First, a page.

Key Real Estate Services, LLC is in The Hunt!

Did you see us in The New York Times Real Estate section?

 

Seniors Real Estate Specialist

As a Seniors Real Estate Specialist, I work with older homeowners during a time that is usually more of a life change than a simple change of address. That change may be precipitated by any number of events or circumstances such as:

  • Retirement
  • Down-sizing
  • Desire to be closer to children and grandchildren
  • Illness or reduced mobility
  • Relocation to a warmer climate
  • Loss of a spouse
  • Empty-nest freedom
  • Property tax burden
  • Unlocking equity

So as a Seniors Real Estate Specialist I first help clients and their families facilitate other changes that might impede their move at a later age. With a roster of trusted vendors Key Real Estate Services can assist with:

  • Organizing personal property
  • Selling and donating household furniture and items collected over decades
  • Repairs and cleaning to prepare a property for sale
  • Bridging distances between family members
  • Overcoming inertia
  • Property tax grievance
  • Curing property violations
  • Identifying a new home better suited to current needs

Regardless of the reason and the obstacles, selling a long-time home and/or finding a new home to suit special needs requires the time and sensitivity that a Seniors Real Estate Specialist is trained to provide. Please take advantage of this special training to ease the way through your real estate transaction when the time comes.

Please contact me through the contact form or at 718-874-2877 or 914-661-0340. I look forward to hearing from you.

What one KRES client had to say:

"Thank you so much for making the sale of my Mom's house a positive experience! [Y]ou were always on top of what had to be done—and good at explaining the process to me. It was great working with you."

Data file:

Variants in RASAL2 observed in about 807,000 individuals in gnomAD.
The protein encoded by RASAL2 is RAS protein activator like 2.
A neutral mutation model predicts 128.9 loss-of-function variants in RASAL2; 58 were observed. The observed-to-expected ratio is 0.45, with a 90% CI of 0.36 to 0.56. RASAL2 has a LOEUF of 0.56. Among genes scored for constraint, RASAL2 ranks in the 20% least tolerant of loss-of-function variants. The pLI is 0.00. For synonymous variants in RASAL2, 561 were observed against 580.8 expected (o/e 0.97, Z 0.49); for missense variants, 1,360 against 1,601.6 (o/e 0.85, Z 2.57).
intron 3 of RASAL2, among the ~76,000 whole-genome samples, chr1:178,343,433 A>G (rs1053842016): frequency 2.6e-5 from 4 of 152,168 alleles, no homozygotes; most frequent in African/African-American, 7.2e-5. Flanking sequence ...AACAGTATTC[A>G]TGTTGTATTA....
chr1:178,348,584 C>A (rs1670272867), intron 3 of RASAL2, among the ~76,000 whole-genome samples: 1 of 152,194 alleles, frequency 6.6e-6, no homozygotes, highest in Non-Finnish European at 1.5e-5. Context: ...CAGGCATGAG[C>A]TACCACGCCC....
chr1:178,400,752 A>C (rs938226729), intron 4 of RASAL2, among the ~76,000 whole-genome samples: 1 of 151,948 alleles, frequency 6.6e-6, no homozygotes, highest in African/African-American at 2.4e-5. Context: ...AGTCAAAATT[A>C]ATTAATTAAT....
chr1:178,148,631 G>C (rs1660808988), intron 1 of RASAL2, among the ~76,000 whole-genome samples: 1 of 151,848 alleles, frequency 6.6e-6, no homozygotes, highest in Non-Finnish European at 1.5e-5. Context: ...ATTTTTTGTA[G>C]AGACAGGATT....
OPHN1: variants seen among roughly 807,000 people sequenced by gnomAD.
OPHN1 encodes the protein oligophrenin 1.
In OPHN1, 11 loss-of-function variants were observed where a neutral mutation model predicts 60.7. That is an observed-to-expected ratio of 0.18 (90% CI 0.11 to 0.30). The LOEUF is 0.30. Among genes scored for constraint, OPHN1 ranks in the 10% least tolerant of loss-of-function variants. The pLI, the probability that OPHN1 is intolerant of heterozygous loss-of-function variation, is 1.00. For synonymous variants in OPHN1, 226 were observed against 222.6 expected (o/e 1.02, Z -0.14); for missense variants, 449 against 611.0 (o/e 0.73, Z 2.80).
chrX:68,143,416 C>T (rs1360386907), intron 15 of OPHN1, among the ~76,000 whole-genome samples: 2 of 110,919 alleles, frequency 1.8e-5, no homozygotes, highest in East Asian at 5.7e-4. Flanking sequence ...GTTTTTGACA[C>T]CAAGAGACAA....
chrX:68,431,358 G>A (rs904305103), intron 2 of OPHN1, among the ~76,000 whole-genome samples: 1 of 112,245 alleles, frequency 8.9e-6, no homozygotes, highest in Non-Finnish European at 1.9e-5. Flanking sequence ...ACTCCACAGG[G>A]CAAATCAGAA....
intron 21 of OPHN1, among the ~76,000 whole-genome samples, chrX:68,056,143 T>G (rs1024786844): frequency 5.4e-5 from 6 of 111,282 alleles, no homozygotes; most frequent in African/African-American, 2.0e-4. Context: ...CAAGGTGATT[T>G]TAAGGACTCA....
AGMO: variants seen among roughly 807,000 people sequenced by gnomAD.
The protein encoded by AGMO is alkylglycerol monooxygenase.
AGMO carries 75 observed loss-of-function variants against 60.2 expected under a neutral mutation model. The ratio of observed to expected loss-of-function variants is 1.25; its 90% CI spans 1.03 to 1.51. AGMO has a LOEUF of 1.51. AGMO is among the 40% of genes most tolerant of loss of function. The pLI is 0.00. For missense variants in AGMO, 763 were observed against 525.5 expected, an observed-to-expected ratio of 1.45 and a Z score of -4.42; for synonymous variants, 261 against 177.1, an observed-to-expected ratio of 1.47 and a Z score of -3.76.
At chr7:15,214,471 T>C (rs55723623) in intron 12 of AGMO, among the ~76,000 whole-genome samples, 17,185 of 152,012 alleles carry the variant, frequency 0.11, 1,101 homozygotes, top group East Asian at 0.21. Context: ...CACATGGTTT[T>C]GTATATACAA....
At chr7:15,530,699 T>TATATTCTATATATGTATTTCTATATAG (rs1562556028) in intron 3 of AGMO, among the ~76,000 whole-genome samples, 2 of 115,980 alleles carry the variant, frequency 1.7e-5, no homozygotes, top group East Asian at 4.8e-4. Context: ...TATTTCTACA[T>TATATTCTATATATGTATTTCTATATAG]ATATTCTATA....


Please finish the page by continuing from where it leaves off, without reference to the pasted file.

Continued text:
D. Hartman, Co-Trustee
September 2013

You Can't Make This Stuff Up!

Unit Number Riddle

When is a three-family house a one-family home? When it's a one-family house with three residential units. Get it?

This real estate riddle is frequently played out in the New York metro area where one or more illegal apartments are created in a house to help the property owners generate income from their home. The problem comes when that homeowner/landlord attempts to sell their illegally divided house with or without tenants. Banks don't make loans to buyers of houses when an appraiser's report description does not conform to the property's legal status.

What defines an illegal unit? Another kitchen with a working stove is the "tell" even though there are certain situations where an appraiser will accept two kitchens in a one-family house. But three kitchens in a legal single-family home are pushing it; I've had one of those. Four kitchens in a legal two-family house are pushing it exponentially; I've seen one of those.

The solution involves removing the offending kitchen(s). This needn't mean major renovation. Usually the removal of a stove and capping of the gas line will do the trick. Think of it not as loosing a kitchen, but gaining a wet bar—and there are no restrictions on that.

You can't make this stuff up.